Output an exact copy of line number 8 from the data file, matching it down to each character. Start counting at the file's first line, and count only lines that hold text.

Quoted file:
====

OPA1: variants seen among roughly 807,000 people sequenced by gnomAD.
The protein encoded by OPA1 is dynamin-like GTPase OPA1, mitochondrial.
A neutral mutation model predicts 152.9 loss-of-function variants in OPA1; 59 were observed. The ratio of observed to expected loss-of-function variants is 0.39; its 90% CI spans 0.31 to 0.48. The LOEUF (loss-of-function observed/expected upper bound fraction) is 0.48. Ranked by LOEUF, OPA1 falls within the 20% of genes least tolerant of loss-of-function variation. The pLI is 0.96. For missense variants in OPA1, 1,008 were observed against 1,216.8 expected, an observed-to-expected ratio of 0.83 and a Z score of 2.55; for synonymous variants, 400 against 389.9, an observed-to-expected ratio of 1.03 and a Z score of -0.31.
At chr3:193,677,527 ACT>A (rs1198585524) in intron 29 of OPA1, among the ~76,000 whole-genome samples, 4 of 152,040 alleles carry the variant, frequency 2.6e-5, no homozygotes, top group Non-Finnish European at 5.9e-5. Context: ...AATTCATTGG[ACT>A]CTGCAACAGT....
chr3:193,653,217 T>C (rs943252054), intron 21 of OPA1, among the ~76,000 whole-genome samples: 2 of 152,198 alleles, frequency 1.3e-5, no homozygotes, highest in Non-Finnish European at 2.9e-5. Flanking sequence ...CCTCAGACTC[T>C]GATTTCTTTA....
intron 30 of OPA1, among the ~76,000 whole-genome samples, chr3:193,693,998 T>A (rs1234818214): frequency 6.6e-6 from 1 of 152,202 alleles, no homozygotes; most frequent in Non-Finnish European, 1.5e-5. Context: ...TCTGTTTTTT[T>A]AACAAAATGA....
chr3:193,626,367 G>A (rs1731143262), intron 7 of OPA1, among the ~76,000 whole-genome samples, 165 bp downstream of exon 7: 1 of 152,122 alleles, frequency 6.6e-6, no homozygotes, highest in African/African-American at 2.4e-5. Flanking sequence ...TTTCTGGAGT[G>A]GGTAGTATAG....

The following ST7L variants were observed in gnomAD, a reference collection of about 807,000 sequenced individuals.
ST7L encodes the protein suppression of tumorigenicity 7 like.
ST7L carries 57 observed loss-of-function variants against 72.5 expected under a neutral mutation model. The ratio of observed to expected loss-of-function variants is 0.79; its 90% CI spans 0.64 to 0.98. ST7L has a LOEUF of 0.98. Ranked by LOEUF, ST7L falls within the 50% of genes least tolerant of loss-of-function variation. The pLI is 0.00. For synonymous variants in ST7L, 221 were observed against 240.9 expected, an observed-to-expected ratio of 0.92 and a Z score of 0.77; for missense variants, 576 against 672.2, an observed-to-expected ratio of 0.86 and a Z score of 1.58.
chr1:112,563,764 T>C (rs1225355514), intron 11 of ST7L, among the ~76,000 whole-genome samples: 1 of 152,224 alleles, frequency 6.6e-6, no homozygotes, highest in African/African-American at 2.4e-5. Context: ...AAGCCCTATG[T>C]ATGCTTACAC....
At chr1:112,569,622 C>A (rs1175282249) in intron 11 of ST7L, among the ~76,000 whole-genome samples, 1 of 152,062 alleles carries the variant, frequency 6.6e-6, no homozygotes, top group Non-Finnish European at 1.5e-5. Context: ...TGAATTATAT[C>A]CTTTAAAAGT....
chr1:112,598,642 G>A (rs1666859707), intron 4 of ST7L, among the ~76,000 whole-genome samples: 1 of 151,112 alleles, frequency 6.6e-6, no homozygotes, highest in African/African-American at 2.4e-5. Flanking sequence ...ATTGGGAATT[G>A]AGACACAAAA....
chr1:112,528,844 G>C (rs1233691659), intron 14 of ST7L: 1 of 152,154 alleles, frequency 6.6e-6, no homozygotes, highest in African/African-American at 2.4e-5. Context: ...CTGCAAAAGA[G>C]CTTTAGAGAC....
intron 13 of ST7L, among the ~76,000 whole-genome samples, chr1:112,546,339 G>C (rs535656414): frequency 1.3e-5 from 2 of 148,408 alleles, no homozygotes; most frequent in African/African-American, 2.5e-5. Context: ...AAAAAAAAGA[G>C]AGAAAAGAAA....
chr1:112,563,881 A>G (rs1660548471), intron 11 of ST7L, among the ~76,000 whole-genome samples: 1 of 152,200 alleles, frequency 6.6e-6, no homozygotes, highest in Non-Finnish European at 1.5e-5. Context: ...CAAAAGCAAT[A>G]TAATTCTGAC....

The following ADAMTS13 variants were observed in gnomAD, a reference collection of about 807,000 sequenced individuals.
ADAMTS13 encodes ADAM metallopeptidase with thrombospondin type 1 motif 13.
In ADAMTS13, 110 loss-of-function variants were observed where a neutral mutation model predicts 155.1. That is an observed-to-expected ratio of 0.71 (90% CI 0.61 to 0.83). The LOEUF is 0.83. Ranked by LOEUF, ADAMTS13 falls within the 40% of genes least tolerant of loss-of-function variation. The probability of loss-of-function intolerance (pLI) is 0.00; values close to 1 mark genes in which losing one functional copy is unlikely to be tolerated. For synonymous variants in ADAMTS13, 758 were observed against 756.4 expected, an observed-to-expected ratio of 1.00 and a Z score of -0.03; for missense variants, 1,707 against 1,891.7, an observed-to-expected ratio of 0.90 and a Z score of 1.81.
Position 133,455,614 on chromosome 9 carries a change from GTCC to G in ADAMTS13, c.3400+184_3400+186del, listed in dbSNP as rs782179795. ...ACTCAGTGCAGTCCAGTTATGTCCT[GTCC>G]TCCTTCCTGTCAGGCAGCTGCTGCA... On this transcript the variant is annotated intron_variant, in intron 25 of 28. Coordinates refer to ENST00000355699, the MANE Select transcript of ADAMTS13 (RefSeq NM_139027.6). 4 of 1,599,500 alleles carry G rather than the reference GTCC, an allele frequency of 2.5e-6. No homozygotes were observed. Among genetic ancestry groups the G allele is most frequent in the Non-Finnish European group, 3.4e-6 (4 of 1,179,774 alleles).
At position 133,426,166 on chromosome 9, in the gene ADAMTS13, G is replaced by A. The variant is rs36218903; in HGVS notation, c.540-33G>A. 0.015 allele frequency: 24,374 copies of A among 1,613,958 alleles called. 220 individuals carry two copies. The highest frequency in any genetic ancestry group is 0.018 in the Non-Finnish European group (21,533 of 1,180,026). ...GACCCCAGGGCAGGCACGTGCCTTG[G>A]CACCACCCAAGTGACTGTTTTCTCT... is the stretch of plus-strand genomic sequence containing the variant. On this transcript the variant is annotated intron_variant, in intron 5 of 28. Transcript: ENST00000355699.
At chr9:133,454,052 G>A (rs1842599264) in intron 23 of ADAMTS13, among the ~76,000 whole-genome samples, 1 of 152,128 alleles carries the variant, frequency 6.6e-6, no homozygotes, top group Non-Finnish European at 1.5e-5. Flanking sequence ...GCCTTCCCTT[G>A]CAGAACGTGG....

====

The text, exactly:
The following ST7L variants were observed in gnomAD, a reference collection of about 807,000 sequenced individuals.